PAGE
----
Thinking of Getting Married, why not steal away to Argentina?


La Casa Rosada (The Pink House) Argentina

President Cristina Fernandez de Kirchner on Wednesday convened a ceremony at the Casa Rosada government house in downtown Buenos Aires to formally sign into law a bill making Argentina the first country in Latin America to legalise marriage for same-sex couples.

“Today we are a society that is a little more egalitarian than last week,” the Buenos Aires Herald quoted President Cristina Fernandez de Kirchner as saying at the signing ceremony.

“Life is continually changing us… these issues have to do with the condition of human beings, with aspiring for equality; they’re things that cannot divide us, but should rather unite us… We didn’t take anything away from anyone; we gave rights to those who didn’t have them.”

President Cristina Fernandez de Kirchne

The president added that her country had not just “enacted a law, but rather a social, transversal, diverse, plural, all-encompassing construction, which doesn’t belong to anyone but society.”

The law, which was approved by the Senate last week following a debate that lasted nearly 15 hours (33 votes in favor, 27 against and 3 abstentions), grants same-sex couples the full legal protections and responsibilities that marriage gives to heterosexual couples, including the ability to inherit property and to jointly adopt children.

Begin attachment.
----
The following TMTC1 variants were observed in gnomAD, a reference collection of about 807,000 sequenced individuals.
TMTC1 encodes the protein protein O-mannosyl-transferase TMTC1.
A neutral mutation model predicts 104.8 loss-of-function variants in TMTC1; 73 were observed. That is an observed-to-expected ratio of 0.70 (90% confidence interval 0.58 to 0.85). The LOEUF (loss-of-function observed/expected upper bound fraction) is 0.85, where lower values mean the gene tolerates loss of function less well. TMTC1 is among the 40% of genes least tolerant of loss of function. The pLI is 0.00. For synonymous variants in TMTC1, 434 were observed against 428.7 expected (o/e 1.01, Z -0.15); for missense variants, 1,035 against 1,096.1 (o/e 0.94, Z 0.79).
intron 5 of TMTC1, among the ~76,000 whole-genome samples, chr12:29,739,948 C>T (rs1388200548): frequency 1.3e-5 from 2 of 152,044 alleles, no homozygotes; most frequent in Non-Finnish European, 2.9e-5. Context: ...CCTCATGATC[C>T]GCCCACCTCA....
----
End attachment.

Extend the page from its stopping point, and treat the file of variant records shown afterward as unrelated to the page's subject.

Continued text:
The South American country is the tenth in the world – and the first in Latin America – to codify gay marriage.

Time reports that the move has already “sent shockwaves through the Americas” while other media outlets have positioned the legalisation of gay marriage as a “defeat of the Roman Catholic church“.

In a report titled “Gay law in Argentina signals waning Catholic power,” Reuters quoted Ana Maria Bidegain, a religious studies professor at Florida International University, as saying: “Evidently the Church has been losing presence and influence regarding political decisions, which is part of a secularization process… People are still Catholic and they still believe in the fundamentals … but they no longer agree with what (the Church) says regarding morality.”

Civil registries across the country will now begin processing long lists of marriage applications from gay couples. The first such ceremony in Buenos Aires is set for Aug 13.

Nations that have legalised gay marriage (via Time)

• The Netherlands (2000)
• Spain (2005)
• Canada (2005)
• Belgium (2006)
• South Africa (2006)
• Norway (2008)
• Sweden (2009)
• Portugal (2010)
• Iceland (2010)
• Argentina (2010)


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